SP, BSP mellow stand, BJP sticks to voting rule
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While the Samajwadi Party, the other key player, held back its support, it may abstain in case of a discussion under Rule 184, which entails voting. Sources said they have been given a tacit assurance that mere listing of the SC/ST Bill in the Upper House did not amount to actually holding a discussion on it.
Its hands strengthened, the government worked towards isolating the BJP at the all-party meeting on Monday as the only party holding up Parliament for a Rule 184 discussion on FDI in retail. Its strategy continues to be centred on allowing a discussion under Rule 193, which does not entail voting.
Leader of Opposition in the Lok Sabha Sushma Swaraj, however, said there would not be any compromise on the BJP stand on discussion under Rule 184. She said NDA constituents and the TDP, BJD and AIADMK, along with the Left parties, had pressed at the all-party meeting for a discussion under rules that entail voting.
A division was seen in the Opposition camp on Monday with the Trinamool Congress breaking ranks and stating at the meeting that the decision should be left to the Speaker's discretion. Explaining the party stand, TMC leader Sudip Bandopadhyay said: "The best was to have voting on the no-confidence motion (moved by the party). This would have obviated the need to go with a begging bowl seeking support for discussions under 184. It should be left to the Speaker to decide under what rule it takes place."
Taking an independent line, the Biju Janata Dal (BJD) has already given a notice for a discussion under both Rules 184 and 193. BJD MP B Mahtab told The Indian Express, "We have given notice under both 184 and 193, but I don't see why the government should not agree to a discussion under 184. We are against FDI in multi-brand retail."
What was reassuring for the government was that the SP and BSP both were on the same page at Monday's meeting. The Bill providing for SC/ST reservation in promotions in government jobs — which the BSP backs and SP opposes — was incidentally listed in the Rajya Sabha only hours before the meeting.
The SP had vociferously opposed allowing FDI in multi-brand retail and therefore, the government was sceptical about its stand. SP chief Mulayam Singh Yadav called on Prime Minister Manmohan Singh earlier in the day. Emerging from the all-party meeting, where he said the Bill was against the interest of 82 per cent of the people, SP leader Reoti Raman Singh said: "We want a debate on FDI, but the Speaker should decide the rules under which it should be held." The SP has reportedly conveyed that it would prefer discussions without voting.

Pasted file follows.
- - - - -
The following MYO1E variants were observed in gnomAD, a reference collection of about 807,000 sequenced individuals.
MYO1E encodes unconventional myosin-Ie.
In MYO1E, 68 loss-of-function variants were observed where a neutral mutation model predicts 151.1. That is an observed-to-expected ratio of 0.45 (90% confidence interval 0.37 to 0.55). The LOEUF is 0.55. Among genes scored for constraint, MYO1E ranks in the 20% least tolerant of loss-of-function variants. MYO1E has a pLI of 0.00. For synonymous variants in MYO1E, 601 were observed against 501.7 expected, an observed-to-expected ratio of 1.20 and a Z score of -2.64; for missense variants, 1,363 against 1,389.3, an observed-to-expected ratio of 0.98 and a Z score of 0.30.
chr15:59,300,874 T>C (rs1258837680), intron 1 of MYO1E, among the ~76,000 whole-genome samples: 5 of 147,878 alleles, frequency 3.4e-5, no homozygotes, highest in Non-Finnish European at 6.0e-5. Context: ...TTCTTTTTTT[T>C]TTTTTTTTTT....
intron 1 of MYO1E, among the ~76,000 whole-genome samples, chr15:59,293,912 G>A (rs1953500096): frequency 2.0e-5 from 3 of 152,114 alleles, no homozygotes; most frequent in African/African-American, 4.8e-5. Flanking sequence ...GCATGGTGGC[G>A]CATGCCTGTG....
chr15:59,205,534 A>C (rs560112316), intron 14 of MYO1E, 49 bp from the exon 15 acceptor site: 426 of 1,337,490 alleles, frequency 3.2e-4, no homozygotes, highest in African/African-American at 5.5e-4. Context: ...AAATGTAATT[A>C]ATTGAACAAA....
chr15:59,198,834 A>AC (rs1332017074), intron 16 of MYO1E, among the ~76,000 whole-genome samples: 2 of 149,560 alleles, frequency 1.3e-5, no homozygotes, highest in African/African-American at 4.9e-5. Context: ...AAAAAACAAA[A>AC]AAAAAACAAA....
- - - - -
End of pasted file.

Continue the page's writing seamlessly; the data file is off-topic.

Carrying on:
BSP supremo Mayawati spoke on similar lines: "We want the House to run. We want a debate on FDI but leave it to the presiding officer on what rule it should be debated under."
Given the SP's reservations, the UPA allies' meeting on Tuesday could be crucial as the government seeks to keep its flock together in the Lok Sabha and especially the Rajya Sabha.
The DMK has conveyed to the government that they would prefer discussions without voting. "We have conveyed the concerns of the trading community and the farmers. We will take a decision (on voting) after the government firms up its course of actions," said TR Baalu.
"A majority of parties want discussions under Rule 193. When it comes to a larger discussion on the FDI in retail sector, we are ready for it. But why (should one) show deep dissension in polity when there is a mounting trade account deficit and the economic situation is what it is?" Commerce & Industry Minister Anand Sharma told reporters after the meeting.
According to sources, with a majority of the parties now taking the government's line on the modalities of discussion, the UPA is confident about its numbers in both the Lok Sabha and Rajya Sabha but doesn't want voting on an executive decision as it would set a "bad precedent".
Congress spokesperson and MP Sandeep Dikshit said at a press briefing that "300 to 325 MPs" belonging to different parties are in favour of leaving it to the Speaker of the Lok Sabha to decide under what rules discussions should be held. "We will do whatever the Speaker decides," he said.
As for the Opposition's stand for a debate in Parliament on an executive decision, Dikshit said, "In 2002, we had also wanted a debate under Rule 184 on what happened in Gujarat, but the NDA did not agree to it arguing that it was beyond the legislative competence of Parliament."
At the all-party meeting, the government sought to impress upon all parties that dissension in the polity over FDI in retail will send a wrong message to the international community, said sources. Besides, extensive consultations had been held with all the states before coming to the decision, it said, with only seven of the 21 consulted replying.
"When the government said it would send a wrong message, I said that you sought a trust vote on the Indo-US nuclear deal but it did not send any wrong message. Bring FDI in rail, road, etc. but not in retail sector," said JD(U) leader Sharad Yadav.